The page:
SoC students get a head start

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Now celebrating its 25-year anniversary, the School of Communication is giving students more opportunities to develop practical skills than ever.
Located at the northern end of campus, the school offers its students a variety of hands-on experiences in several areas of communication, from journalism to advertising, public relations to film studies.
“Students at the School of Communication graduate with a solid resume of projects attractive to employers in a competitive job market,” Dean Sam L. Grogg said.
“The school is committed to offering students practical and professional-level experience in their chosen field while they pursue their undergraduate and graduate degrees as part of our ‘Hands On, Early On’ programs.”
The hands-on opportunities begin right away and increase as students develop more skills and expertise.
“As early as their freshman year, students get more than enough exposure and work experience to tackle any opportunity in the future,” Assistant Dean Luis Herrera said.
As a result, Herrera said, most students are ready to make a swift transition from college into the workforce.
One of these outlets for professional experience is the Knight Center for International Media, which is focused on adapting evolving digital technologies for the easy flow of news and information across national and cultural borders.
Like the rest of the school, the center offers students the chance to anchor major projects on under-reported issues of global significance, such as the world’s water challenge and the transforming cities of the world.
The school also provides a popular entertainment outlet for all UM students, faculty and the Miami community.
The Bill Cosford Cinema in the nearby Memorial Building shows a variety of award-winning contemporary, classic and foreign films in a classic widescreen format, which are free of charge for current students. The hall also hosts lectures from renowned actors and directors, some of who are school alumni.
Students at the school have ample opportunity to practice what they learn.
Among them: UM’s debate team, the advertising and public relations agency PRADUM, the Society of Professional Journalists and igKnite, which stems from the Knight Center.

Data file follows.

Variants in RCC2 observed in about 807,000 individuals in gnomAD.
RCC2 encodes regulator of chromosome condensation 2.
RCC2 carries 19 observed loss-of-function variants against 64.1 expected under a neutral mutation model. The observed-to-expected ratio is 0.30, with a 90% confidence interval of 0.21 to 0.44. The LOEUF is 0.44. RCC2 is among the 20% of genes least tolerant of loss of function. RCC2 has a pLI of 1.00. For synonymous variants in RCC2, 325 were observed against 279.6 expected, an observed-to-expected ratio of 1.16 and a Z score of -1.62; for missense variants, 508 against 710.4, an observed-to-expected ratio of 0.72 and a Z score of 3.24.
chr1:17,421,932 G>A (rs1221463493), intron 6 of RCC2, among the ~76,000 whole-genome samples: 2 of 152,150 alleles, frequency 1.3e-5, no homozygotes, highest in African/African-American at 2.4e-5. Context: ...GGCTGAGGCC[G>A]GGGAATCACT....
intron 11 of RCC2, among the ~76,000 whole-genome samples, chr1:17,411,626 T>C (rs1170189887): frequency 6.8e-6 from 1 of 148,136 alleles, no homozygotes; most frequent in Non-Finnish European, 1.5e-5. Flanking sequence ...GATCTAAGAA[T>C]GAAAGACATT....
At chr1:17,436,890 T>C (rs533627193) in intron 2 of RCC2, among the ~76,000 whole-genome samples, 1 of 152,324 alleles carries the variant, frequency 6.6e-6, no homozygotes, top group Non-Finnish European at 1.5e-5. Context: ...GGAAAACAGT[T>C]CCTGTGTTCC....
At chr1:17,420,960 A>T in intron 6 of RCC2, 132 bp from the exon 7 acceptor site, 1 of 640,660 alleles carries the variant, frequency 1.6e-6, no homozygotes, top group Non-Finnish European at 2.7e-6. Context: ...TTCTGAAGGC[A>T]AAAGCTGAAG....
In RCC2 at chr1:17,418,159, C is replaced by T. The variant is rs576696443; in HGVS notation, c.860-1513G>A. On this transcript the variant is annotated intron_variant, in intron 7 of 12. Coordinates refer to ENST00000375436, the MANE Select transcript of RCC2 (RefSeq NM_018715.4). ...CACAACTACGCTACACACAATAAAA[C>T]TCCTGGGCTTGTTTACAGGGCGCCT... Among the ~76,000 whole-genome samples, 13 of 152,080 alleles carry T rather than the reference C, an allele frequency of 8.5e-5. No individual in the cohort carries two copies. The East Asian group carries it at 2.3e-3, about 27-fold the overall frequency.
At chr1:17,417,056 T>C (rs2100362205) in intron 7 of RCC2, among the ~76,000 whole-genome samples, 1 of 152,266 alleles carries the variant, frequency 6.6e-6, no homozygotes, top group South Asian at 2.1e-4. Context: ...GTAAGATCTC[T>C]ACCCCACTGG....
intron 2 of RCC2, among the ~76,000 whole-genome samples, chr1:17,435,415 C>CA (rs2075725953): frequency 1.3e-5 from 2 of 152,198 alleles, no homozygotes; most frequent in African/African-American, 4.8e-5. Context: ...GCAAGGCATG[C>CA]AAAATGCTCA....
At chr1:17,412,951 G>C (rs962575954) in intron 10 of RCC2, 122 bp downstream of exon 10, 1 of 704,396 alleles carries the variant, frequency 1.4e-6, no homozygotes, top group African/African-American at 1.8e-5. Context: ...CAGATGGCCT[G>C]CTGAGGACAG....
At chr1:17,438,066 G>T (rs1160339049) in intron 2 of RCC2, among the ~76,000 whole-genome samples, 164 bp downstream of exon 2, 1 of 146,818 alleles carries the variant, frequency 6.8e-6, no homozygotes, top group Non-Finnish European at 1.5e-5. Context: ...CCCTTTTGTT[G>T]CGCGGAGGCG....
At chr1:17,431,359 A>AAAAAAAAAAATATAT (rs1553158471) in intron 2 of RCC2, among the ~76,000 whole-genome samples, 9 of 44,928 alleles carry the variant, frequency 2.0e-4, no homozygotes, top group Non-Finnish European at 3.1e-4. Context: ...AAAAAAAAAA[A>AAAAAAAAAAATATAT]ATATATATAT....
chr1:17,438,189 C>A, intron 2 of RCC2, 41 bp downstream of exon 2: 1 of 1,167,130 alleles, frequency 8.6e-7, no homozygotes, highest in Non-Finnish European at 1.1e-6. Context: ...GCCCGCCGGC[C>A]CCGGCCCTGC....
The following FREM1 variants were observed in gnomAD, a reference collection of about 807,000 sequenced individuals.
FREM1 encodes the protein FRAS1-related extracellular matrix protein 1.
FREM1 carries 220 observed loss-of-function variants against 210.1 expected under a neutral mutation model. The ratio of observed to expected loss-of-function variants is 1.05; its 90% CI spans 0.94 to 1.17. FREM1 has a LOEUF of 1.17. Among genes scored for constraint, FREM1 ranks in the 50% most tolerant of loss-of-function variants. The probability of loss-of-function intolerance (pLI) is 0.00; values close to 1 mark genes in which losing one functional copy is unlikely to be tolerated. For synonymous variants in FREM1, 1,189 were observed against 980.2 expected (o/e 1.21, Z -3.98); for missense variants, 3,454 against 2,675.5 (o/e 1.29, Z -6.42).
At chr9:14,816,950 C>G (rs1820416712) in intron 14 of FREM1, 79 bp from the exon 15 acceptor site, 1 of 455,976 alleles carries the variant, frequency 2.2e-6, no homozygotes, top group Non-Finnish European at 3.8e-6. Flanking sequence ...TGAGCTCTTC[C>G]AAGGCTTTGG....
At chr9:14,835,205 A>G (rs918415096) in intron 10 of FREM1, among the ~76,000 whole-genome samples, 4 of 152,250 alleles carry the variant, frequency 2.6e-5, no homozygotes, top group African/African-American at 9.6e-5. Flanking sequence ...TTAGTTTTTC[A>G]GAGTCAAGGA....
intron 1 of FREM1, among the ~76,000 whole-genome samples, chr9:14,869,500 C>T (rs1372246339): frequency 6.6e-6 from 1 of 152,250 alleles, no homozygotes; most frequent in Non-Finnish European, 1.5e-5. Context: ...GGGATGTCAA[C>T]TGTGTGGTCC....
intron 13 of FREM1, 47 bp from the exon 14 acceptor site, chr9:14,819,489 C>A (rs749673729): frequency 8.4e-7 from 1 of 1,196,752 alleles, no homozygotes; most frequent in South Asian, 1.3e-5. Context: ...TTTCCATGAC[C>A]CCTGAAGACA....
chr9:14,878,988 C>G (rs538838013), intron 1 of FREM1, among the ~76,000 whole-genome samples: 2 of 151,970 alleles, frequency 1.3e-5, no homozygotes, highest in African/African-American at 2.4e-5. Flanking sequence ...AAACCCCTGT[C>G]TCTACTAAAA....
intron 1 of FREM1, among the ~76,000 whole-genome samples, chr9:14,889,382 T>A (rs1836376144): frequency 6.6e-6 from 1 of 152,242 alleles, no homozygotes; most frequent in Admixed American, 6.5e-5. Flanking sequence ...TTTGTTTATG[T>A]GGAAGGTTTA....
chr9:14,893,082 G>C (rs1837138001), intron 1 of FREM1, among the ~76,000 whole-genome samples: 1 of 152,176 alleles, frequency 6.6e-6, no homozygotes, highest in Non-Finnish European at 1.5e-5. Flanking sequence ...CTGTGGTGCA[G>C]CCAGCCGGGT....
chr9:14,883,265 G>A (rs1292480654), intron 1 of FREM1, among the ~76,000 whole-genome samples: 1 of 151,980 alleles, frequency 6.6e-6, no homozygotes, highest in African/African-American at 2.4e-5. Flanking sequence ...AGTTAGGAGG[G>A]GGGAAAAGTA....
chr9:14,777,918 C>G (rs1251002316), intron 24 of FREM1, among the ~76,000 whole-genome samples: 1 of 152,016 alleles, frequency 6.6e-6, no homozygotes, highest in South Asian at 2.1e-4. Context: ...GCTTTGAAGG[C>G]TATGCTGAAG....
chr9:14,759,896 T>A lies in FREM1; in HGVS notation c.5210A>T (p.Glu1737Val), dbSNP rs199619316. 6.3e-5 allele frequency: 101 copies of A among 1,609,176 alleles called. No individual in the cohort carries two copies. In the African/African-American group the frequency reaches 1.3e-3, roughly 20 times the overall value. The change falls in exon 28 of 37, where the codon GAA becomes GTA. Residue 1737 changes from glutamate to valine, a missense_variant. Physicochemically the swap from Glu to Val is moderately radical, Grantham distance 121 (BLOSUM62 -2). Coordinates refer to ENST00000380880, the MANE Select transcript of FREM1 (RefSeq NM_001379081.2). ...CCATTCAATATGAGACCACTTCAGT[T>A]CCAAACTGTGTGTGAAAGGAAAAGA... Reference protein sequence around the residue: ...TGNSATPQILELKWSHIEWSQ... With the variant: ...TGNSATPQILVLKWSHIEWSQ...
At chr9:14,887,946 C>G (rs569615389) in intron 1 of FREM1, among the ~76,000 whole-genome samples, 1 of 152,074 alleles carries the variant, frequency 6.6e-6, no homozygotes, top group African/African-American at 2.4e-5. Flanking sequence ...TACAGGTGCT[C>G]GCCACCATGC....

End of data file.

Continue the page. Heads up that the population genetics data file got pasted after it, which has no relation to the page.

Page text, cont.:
The School of Communication also houses its own cable television station, UMTV, and supports other student-run media outlets including The Miami Hurricane newspaper, WVUM radio, Distraction magazine and the Ibis yearbook.
All of them have collected dozens of major awards that recognize them as being among the best college media outlets in the country.
For example, UMTV walked away with eight first-place awards at the National Broadcasting Society AERHo National Production Competition for student work and its programs.
Last year, the program “Newsvision” was nominated for a 2009 Suncoast Regional Emmy.
“If your dream is to anchor the nightly news, break the news that makes headlines or run a show in a TV studio, UMTV is for you,” said Natalia Crujeiras, director of broadcast operations at the station.
“UMTV gives students hands-on training in television production with state-of-the-art equipment and serves the Coral Gables community with programming that is educational and engaging.”
PRADUM recently launched an innovative event called “PhilADthropy” in which students provided local non-profits with pro bono help with logo/identity design, print ad concepts, TV storyboards, radio scripts, brochures, newsletters, posters, direct mail and interactive design concepts.
“The work in the agency is as close as it gets to real work experience,” said Ivette Yee, director of communications and an alumna.
Patrick H. Todd may be contacted at phtodd@themiamihurricane.com.